“I stopped asking because I didn’t want to be arrested,” Kravitz says. “Then it happened again. This time, in December, when I was at a Christmas party.”
According to Kravitz, while he was inside the Elks lodge, celebrating the holidays with other homeless residents at a party sponsored by Share, county work crews came to his spot on the south side of State Route 14 near Interstate 5 in Vancouver and cleared his camping site, seizing and disposing of all he owned — including camping gear, a backpack, his clothing, driver’s license and a photograph of a child who had died.
The loss devastated Kravitz.
“I remember coming back to the camp and seeing that everything was gone,” Kravitz says. “It was cold that day … and I had only been four or five blocks away. I remember just crying.”
He hadn’t seen county work crews clearing the site, but Kravitz says it was obvious that the crews had been there.
“They’d cut the tree back and raked the ground,” Kravitz says. “A thief wouldn’t do that. They’d just take your things and go.”
The fact that he hadn’t seen county crews actually seizing and disposing of his belongings during the December of 2012 incident initially hurt Kravitz in Judge Bryan’s summary judgment. In fact, the judge denied the claims of three plaintiffs’ motions for summary judgment — including Kravitz’ December 2012 claim — because they could not fully prove that county work crews had taken their possessions. However, during settlement negotiations with the county, Fels and Good managed to include all three of those plaintiffs in the final settlement.
Finding hope through helping others
Today, Kravitz, 50, is employed and housed. He has a girlfriend, a dog, a group of tightknit friends and a mission: to help other unhoused people find hope through his organization, Outsiders Inn.
“It’s all about having hope,” Kravitz says.
His organization offers resources and information for unhoused people, provides temporary housing for folks who are trying to transition from the streets into more permanent housing or rehabilitation facilities, and connects with area advocacy agencies to provide an insider’s perspective on how to help the homeless.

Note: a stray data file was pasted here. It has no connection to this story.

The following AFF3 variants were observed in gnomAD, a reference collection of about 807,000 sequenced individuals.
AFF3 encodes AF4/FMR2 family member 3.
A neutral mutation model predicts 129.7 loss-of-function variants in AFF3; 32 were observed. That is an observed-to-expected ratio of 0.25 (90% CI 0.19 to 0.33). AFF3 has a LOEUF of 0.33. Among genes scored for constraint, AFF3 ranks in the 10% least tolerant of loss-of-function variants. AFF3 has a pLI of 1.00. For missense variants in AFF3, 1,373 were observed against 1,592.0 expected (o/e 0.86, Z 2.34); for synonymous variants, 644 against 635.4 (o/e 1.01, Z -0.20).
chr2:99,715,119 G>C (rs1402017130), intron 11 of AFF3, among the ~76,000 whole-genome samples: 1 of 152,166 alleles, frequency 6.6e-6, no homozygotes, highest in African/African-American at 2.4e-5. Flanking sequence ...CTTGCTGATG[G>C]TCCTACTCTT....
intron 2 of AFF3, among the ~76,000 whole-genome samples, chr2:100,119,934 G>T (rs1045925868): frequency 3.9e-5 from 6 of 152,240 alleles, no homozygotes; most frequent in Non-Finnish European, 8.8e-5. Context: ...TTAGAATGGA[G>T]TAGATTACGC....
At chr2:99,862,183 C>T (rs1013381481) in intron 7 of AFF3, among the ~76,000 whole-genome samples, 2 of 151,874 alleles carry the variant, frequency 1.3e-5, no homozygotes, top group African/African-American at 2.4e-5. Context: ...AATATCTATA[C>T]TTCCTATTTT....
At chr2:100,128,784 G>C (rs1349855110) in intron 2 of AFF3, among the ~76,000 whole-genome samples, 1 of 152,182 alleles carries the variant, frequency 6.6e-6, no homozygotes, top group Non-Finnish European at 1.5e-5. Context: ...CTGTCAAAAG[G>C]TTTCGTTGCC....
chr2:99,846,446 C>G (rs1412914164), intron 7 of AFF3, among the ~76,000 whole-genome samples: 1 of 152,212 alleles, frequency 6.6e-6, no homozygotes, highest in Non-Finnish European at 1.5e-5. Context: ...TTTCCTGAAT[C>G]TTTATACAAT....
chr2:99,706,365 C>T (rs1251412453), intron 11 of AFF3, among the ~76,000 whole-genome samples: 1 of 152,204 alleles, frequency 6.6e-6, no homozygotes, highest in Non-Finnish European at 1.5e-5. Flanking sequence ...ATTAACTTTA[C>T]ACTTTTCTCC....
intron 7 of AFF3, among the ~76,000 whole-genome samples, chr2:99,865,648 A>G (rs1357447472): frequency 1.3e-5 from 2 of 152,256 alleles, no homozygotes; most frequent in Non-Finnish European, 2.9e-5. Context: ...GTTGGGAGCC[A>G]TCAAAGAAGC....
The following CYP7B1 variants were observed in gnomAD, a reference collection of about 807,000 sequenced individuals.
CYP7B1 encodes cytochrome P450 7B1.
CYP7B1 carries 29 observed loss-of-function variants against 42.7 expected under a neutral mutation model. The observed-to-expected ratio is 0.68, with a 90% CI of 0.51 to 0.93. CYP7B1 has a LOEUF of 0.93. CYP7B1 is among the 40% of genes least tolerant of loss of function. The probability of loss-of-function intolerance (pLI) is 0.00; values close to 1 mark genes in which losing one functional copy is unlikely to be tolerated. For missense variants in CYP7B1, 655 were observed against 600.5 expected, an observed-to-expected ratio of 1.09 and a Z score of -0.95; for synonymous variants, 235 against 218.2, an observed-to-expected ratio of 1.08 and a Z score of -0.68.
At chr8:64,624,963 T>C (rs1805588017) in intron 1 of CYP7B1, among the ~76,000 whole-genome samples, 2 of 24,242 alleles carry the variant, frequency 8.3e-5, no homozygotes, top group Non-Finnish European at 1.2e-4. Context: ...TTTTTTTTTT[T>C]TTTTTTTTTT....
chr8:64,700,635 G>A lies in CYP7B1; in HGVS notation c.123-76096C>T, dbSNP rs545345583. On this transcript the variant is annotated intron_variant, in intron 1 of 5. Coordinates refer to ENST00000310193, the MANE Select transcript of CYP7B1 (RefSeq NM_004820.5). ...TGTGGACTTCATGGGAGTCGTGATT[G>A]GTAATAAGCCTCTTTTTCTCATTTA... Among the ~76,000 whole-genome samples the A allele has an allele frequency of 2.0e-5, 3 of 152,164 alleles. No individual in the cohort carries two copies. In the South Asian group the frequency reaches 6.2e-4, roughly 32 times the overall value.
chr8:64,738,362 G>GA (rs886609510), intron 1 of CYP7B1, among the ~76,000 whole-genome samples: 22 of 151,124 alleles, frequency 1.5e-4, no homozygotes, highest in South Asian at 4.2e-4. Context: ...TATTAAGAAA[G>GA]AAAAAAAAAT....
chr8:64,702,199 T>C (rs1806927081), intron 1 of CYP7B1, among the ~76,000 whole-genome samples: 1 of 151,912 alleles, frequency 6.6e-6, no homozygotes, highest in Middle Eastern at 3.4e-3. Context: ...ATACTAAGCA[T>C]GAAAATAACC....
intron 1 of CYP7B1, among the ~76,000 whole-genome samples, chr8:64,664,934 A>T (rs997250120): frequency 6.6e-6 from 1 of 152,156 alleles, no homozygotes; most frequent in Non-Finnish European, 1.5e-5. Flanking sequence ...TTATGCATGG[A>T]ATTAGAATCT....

Kravitz and his partner, Ren Autrey, run Outsiders Inn and are focused on not only helping homeless individuals and families, but also on educating the general public about what homeless people go through on a daily basis.
Before becoming homeless, or as he prefers to call it, “temporarily displaced,” Kravitz was a longtime Vancouver resident with a job and a house to call home.
“I had lived here (in the Vancouver area) for so long … Not once did anyone ask me, ‘Why are you homeless?’” Kravitz says of his years living on the streets.
Although he had the obvious struggles of securing shelter during bad weather, finding food and having a safe place to sleep, Kravitz says sometimes it was the small, everyday injustices of living on the streets that got to him the most. He recalls waking up one day and deciding he wanted to look more presentable, that he wanted to simply shave his face. Knowing that many customers might be turned off by seeing a homeless man shaving in a bathroom, Kravitz decided to ask permission before he shaved.
“I wanted to be polite,” he says. He went into store after store, hitting many of the big-box shops that dotted a Vancouver thoroughfare near his camping site, but none of the managers would allow him to use their restroom to shave his face. “It was humiliating. It used to boggle my brain how people treated me.”
Kravitz and Autrey recognize that homeless people are dealing with many problems aside from simply not having shelter. There are issues of joblessness, substance abuse, mental and physical illnesses and, many times, post traumatic stress disorders. Their group, Outsiders Inn, supports the homeless population by helping connect people with the resources they need to heal themselves and take the first steps toward living a different life.